shepherd-boy, who watched a flock of sheep near a village, brought out the villagers
three or four times by crying out, "Wolf! Wolf!" and when his neighbors
came to help him, laughed at them for their pains.
The Wolf, however, did
truly come at last. The Shepherd-boy, now really alarmed, shouted in an agony
of terror: "Pray, do come and help me; the Wolf is killing the sheep";
but no one paid any heed to his cries, nor rendered any assistance. The Wolf,
having no cause of fear, at his leisure lacerated or destroyed the whole flock.
There is no believing a liar, even when he speaks the truth.
miser sold all that he had and bought a lump of gold, which he buried in a hole
in the ground by the side of an old wall and went to look at daily. One of his
workmen observed his frequent visits to the spot and decided to watch his movements.
He soon discovered the secret of the hidden treasure, and digging down, came to
the lump of gold, and stole it. The Miser, on his next visit, found the hole empty
and began to tear his hair and to make loud lamentations. A neighbor, seeing him
overcome with grief and learning the cause, said, "Pray do not grieve so;
but go and take a stone, and place it in the hole, and fancy that the gold is
still lying there. It will do you quite the same service; for when the gold was
there, you had it not, as you did not make the slightest use of it."
The Snow Queen
by Hans Christian
There is a legend that, once upon a time, a beautiful fairy,
the Snow Queen, lived on the highest, most solitary peaks of the Alps. The mountain
folk and shepherds climbed to the summits to admire her, and everyone fell head
over heels in love with her.
Every man would have given anything, including
his life, to marry her. Indeed, their lives are just what they did give, for Fate
had decided that no mortal would every marry the Snow Queen. But in spite of that,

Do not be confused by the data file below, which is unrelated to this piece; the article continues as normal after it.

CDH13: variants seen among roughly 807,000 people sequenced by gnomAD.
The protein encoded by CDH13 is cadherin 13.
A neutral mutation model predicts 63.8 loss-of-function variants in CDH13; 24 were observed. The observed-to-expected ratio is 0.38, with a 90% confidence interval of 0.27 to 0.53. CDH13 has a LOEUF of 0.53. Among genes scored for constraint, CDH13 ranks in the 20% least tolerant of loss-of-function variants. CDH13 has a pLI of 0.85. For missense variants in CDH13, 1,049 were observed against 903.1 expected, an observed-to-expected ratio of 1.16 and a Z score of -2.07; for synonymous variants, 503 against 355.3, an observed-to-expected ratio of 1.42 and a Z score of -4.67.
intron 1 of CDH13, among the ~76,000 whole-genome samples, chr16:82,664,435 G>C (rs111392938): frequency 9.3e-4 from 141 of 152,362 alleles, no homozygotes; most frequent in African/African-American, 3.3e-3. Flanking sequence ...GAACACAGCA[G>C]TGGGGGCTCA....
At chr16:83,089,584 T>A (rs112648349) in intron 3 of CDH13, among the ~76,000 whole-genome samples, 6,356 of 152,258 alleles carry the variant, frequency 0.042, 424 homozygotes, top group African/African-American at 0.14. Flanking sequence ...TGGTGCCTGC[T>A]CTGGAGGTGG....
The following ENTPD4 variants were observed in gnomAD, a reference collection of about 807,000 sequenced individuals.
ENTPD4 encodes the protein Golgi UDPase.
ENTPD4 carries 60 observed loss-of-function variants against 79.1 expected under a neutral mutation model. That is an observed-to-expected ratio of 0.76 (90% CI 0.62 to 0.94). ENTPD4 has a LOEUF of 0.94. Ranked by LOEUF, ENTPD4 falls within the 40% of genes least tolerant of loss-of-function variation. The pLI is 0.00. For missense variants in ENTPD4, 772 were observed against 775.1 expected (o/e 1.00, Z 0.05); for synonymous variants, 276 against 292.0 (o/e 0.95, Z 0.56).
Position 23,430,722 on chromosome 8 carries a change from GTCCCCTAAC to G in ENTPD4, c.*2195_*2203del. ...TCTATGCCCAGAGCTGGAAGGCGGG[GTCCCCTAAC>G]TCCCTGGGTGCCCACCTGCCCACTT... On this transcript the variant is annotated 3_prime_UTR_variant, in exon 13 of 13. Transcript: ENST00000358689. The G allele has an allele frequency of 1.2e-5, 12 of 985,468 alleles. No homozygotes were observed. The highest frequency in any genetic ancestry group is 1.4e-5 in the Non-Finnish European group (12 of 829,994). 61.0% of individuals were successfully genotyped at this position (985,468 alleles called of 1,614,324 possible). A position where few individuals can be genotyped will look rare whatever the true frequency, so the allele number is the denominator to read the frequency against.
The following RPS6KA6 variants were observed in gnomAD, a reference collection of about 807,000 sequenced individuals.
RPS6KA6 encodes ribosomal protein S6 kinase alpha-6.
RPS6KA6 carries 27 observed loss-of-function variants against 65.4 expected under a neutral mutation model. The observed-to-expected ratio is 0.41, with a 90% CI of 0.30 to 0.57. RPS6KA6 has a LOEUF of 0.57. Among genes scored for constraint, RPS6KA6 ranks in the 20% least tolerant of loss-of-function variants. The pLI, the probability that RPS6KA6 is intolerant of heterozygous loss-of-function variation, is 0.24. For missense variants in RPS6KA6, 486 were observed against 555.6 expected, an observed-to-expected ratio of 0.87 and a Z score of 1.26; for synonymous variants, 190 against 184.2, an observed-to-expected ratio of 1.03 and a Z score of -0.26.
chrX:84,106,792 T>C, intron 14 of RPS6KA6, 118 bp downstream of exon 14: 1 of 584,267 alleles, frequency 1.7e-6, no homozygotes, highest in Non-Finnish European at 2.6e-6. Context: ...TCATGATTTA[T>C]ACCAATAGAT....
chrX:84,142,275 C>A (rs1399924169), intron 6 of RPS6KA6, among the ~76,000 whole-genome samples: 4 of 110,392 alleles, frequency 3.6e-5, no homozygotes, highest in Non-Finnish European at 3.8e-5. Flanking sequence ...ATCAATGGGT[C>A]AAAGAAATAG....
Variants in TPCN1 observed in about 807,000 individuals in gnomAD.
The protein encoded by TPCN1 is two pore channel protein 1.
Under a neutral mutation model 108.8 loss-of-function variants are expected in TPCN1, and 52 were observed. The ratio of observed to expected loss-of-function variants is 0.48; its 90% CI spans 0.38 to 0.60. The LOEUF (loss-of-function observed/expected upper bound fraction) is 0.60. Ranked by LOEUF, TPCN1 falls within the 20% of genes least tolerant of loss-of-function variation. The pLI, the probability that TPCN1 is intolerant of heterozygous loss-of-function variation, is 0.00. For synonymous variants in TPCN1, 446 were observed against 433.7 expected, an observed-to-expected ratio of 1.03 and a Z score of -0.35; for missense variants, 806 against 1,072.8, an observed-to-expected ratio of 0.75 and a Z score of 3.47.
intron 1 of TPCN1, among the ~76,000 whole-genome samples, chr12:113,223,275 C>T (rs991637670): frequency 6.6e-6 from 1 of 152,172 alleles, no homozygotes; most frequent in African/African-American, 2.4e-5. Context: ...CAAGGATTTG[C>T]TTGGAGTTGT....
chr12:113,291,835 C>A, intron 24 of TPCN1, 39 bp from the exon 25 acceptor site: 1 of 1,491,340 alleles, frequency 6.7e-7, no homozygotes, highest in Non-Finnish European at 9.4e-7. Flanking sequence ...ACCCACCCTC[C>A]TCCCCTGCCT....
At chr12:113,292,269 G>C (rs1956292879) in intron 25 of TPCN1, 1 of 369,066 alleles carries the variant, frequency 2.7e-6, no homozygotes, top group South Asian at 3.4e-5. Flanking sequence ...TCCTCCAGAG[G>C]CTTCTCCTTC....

many brave souls did their best to approach her, hoping always to persuade her.
Each suitor was allowed to enter the great ice palace with the crystal
roof, where the Queen's throne stood. But the second he declared his love and
asked for her hand, thousands of goblins appeared to grasp him and push him over
the rocks, down into bottomless abysses.
Without the slightest emotion,
the Queen would watch the scene, her heart of ice unable to feel anything at all.
The legend of the crystal palace and the beautiful heartless Queen spread as far
as the most distant alpine valley, the home of a fearless chamois hunter. Fascinated
by the tale, he decided to set out and try his luck. Leaving his valley, he journeyed
for days on end, climbing the snowclad mountain faces, scaling icebound peaks
and defying the bitterly cold wind that swept through the alpine gullies.
than once he felt all was lost, but the thought of the lovely Snow Queen gave
him new strength and kept him moving onwards. At last, after many days climbing,
he saw glinting in the sunshine before him, the tall transparent spires of the
Summoning all his courage, the young man entered the Throne
Room. But he was so struck by the Snow Queen's beauty that he could not utter
a word. Shy and timid, he did not dare speak. So he knelt in admiration before
the Queen for hours on end, without opening his mouth. The Queen looked at him
silently, thinking all the while that, provided he did not ask her hand in marriage,
there was no need to call the goblins.
Then, to her great surprise, she
discovered that his behaviour touched her heart. She realised she was becoming
quite fond of this hunter, much younger and more handsome than her other suitors.
Time passed and the Snow Queen dared not admit, not even to herself, that she
would actually like to marry the young man.
In the meantime, the goblins
kept watch over their mistress; first they were astonished, then they became more
and more upset. For they rightly feared that their Queen might be on the point
of breaking the Law and bringing down on the heads of all the Mountain People
the fury of Fate.
Seeing that the Queen was slow to give the order to get
rid of her suitor, the goblins decided to take matters into their own hands. One
night, as dusk fell, they slipped out of the cracks in the rock and clustered
round the young chamois hunter. Then they hurled him into the abyss. The Snow
Queen watched the whole scene from the window, but there was nothing she could
do to stop them. However, her icy heart melted, and the beautiful cruel fairy
suddenly became a woman.
A tear dropped from her eye, the first she had
ever shed. And the Snow Queen's tear fell on to a stone where it turned into a
little silvery star.
This was the first edelweiss ... the flower that grows
only on the highest, most inaccessible peaks in the Alps, on the edge of the abyss
and precipice . . .